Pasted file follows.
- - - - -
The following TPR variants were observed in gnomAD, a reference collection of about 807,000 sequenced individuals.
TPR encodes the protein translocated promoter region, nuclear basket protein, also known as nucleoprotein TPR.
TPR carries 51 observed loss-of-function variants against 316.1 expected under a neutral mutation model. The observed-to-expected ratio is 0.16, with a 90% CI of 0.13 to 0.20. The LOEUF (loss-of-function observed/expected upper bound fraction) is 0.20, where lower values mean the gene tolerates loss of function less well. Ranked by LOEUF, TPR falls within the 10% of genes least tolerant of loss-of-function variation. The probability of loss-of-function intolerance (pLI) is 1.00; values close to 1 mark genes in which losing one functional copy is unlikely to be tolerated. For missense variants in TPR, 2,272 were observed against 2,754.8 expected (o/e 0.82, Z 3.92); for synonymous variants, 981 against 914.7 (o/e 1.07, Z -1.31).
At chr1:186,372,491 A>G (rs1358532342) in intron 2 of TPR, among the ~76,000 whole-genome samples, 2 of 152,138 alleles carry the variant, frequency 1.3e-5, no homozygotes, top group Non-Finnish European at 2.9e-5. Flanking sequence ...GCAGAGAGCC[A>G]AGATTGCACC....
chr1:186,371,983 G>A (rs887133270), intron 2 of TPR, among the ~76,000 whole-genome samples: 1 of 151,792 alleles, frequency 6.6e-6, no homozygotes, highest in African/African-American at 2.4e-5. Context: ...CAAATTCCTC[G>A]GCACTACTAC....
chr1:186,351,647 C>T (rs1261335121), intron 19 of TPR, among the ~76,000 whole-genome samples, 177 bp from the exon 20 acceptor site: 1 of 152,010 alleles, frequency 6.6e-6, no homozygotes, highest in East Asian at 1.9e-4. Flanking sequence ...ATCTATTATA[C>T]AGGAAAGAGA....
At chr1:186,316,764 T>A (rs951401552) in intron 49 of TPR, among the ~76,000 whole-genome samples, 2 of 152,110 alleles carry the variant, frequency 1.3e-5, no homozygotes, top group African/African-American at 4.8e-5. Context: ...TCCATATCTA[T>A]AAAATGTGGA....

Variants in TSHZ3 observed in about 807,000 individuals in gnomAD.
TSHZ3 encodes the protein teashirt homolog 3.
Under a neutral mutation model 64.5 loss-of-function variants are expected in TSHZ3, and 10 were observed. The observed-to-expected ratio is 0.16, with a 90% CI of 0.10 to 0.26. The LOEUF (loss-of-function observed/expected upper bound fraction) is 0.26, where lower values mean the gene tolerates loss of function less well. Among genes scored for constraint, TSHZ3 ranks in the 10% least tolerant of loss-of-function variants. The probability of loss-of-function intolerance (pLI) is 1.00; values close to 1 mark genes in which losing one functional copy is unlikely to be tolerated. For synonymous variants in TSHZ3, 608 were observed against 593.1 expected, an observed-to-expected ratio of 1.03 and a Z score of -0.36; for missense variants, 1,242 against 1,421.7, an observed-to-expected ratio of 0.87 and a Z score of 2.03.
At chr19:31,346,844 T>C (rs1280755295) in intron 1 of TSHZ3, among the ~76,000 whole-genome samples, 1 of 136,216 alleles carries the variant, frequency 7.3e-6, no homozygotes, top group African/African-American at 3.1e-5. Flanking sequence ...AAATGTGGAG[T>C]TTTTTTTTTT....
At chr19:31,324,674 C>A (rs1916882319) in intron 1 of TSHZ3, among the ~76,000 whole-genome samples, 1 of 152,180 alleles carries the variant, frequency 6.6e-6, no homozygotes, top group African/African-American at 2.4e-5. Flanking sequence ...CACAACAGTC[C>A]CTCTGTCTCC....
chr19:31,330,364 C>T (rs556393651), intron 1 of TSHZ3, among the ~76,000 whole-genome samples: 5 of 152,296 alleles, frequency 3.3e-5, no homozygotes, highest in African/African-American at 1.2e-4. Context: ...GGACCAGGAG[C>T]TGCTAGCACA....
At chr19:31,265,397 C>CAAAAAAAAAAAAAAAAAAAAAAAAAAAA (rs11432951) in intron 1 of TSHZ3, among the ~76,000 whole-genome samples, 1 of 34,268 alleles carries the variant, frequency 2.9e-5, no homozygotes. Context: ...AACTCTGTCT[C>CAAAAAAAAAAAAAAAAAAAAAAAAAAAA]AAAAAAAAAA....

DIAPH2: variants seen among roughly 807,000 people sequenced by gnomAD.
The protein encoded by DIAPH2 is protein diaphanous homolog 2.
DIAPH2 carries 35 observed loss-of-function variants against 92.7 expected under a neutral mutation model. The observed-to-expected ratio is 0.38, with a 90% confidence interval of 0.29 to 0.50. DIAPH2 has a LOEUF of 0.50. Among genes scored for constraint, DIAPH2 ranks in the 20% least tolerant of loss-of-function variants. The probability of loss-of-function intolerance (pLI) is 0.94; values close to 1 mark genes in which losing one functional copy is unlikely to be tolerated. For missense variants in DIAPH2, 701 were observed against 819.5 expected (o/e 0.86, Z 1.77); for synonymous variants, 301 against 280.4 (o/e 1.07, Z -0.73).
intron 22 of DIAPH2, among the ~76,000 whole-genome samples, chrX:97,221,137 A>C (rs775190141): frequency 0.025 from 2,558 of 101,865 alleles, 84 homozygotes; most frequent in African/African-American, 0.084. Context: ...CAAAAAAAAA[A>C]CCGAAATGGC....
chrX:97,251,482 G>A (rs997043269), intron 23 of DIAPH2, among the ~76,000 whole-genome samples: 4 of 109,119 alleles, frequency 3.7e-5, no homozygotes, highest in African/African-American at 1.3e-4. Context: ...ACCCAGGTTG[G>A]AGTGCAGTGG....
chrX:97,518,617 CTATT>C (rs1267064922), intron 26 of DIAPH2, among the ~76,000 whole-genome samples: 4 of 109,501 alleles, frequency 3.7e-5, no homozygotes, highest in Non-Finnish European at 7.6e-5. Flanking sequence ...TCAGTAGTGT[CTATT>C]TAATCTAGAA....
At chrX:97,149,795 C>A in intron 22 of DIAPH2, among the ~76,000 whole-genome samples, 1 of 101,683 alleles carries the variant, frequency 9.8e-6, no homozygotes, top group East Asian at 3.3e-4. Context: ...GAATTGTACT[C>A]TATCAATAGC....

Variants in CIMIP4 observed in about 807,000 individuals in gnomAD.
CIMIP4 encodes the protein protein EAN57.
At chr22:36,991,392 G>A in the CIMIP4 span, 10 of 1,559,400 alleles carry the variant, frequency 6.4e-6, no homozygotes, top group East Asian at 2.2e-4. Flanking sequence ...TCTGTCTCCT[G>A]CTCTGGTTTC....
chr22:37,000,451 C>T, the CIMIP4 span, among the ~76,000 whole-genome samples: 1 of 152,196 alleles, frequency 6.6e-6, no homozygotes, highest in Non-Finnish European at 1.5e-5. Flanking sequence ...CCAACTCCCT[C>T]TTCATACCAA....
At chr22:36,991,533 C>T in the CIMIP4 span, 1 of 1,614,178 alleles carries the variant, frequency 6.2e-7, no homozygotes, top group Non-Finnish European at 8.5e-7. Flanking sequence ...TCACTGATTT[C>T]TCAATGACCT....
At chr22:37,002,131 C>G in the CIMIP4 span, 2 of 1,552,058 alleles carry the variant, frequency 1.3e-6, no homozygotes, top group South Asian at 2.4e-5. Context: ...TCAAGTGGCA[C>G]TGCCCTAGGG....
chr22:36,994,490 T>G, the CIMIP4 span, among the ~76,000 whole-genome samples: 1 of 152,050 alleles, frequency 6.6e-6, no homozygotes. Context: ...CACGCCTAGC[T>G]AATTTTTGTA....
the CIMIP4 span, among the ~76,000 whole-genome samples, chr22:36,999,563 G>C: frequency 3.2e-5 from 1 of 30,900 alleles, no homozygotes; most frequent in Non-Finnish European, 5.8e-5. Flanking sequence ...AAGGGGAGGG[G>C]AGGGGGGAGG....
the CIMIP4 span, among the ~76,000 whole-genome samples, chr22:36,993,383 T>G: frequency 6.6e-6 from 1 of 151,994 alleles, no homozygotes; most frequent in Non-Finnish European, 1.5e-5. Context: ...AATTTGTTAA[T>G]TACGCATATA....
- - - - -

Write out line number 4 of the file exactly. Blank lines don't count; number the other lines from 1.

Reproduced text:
At chr1:186,372,491 A>G (rs1358532342) in intron 2 of TPR, among the ~76,000 whole-genome samples, 2 of 152,138 alleles carry the variant, frequency 1.3e-5, no homozygotes, top group Non-Finnish European at 2.9e-5. Flanking sequence ...GCAGAGAGCC[A>G]AGATTGCACC....